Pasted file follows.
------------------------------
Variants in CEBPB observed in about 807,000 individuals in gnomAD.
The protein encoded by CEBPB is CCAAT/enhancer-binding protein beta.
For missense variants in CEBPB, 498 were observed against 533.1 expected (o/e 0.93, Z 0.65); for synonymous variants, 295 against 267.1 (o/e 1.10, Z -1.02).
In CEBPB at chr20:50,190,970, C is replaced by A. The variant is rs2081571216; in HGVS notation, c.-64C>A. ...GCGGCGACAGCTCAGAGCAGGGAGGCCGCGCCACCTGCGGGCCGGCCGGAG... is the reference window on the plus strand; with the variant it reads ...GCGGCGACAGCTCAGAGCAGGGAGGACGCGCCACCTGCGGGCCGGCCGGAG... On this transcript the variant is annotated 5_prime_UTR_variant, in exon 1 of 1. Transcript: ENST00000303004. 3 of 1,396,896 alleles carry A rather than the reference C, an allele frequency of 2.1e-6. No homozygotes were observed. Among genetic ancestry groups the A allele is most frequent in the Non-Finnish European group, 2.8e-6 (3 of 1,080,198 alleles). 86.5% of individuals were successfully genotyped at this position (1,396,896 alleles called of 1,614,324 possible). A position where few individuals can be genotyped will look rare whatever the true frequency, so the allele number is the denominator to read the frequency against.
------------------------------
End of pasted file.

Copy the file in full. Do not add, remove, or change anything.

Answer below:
Variants in CEBPB observed in about 807,000 individuals in gnomAD.
The protein encoded by CEBPB is CCAAT/enhancer-binding protein beta.
For missense variants in CEBPB, 498 were observed against 533.1 expected (o/e 0.93, Z 0.65); for synonymous variants, 295 against 267.1 (o/e 1.10, Z -1.02).
In CEBPB at chr20:50,190,970, C is replaced by A. The variant is rs2081571216; in HGVS notation, c.-64C>A. ...GCGGCGACAGCTCAGAGCAGGGAGGCCGCGCCACCTGCGGGCCGGCCGGAG... is the reference window on the plus strand; with the variant it reads ...GCGGCGACAGCTCAGAGCAGGGAGGACGCGCCACCTGCGGGCCGGCCGGAG... On this transcript the variant is annotated 5_prime_UTR_variant, in exon 1 of 1. Transcript: ENST00000303004. 3 of 1,396,896 alleles carry A rather than the reference C, an allele frequency of 2.1e-6. No homozygotes were observed. Among genetic ancestry groups the A allele is most frequent in the Non-Finnish European group, 2.8e-6 (3 of 1,080,198 alleles). 86.5% of individuals were successfully genotyped at this position (1,396,896 alleles called of 1,614,324 possible). A position where few individuals can be genotyped will look rare whatever the true frequency, so the allele number is the denominator to read the frequency against.